What is a Lease?

Definition: A lease contract is a written agreement between two parties that identifies the terms of the lease as well as the leased property. The leased property’s owner is called the lessor and the company renting the property is considered the lessee. A business lease for a building or equipment is not much different than a personal lease for an apartment.

What Does Lease Mean?

Many companies can’t afford to buy buildings or large pieces of equipment, so they rent them. When a company signs a rental contract for a period of time, the contract is considered a lease.

The most common items found in a lease contract are:

  • The names of the lessor and lessee
  • The name and description of the leased property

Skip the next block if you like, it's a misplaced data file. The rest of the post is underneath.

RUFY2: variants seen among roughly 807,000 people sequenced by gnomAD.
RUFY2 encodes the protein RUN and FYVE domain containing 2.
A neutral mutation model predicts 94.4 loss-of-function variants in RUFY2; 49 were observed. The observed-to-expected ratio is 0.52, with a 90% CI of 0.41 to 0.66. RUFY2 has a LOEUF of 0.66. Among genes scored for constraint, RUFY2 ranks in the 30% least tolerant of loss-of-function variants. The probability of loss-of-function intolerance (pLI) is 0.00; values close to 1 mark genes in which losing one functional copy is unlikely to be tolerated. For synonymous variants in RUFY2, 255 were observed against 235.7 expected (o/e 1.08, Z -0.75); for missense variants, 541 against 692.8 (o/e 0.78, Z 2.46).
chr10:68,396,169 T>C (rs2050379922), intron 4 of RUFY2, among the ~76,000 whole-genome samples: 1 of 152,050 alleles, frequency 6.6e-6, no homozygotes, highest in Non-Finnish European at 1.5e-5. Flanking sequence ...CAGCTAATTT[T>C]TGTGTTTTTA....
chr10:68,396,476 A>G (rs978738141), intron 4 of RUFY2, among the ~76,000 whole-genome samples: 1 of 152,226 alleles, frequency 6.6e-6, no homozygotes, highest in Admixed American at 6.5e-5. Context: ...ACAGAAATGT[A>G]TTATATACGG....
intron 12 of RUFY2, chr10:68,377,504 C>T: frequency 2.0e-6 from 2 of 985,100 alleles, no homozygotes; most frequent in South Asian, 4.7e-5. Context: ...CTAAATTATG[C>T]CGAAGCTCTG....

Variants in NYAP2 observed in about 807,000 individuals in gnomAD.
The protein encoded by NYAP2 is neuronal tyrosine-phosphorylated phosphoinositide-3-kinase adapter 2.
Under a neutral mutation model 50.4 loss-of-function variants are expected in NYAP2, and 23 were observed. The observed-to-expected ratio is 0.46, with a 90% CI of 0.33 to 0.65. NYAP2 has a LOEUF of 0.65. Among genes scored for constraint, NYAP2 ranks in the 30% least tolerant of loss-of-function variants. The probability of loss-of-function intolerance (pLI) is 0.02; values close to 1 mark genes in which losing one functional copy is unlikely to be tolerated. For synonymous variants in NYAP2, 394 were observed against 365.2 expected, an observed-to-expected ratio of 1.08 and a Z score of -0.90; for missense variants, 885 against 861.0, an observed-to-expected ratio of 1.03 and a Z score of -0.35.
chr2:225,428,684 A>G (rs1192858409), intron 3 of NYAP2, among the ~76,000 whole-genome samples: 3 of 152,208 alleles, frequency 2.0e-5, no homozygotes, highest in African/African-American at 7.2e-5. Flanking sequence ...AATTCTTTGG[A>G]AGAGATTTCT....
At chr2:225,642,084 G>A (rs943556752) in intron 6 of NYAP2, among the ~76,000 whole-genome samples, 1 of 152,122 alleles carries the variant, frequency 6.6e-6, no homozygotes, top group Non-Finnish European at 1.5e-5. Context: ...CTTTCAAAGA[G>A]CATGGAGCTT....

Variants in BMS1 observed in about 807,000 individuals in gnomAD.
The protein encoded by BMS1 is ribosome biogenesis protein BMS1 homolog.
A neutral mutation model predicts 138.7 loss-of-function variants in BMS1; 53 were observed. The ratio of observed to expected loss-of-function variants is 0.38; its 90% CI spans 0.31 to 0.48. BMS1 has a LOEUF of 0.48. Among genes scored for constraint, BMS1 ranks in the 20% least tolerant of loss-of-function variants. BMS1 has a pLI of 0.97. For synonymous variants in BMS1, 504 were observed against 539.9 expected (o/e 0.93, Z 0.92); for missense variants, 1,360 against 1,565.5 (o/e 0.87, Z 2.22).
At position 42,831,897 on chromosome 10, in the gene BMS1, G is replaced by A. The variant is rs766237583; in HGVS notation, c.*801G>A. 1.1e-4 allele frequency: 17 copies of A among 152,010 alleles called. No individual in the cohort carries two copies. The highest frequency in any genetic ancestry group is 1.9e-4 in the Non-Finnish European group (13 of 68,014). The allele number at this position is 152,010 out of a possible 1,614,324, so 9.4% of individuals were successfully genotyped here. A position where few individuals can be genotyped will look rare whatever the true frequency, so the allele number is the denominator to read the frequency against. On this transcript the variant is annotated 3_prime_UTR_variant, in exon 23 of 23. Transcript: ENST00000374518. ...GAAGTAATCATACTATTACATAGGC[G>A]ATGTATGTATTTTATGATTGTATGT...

• Specific lease payment amounts and times
  • Penalties for late payments
  • Contract duration
  • Ending buyout agreement


There are many different kinds of leases. GAAP groups all leases into one of two main categories: operating or capital leases. Operating leases are accounted for simply expensing the lease payments just like a company would do with rent expense.

Each month the lessee will record a rent payment as an expense. Capital leases, on the other hand, are capitalized. This means that the lessee must record the leased property as an asset other its balance sheet as if the company owned the leased property. The lessee must also record the lease liability, or lease payments due at some point in the future, as a liability on the balance sheet.

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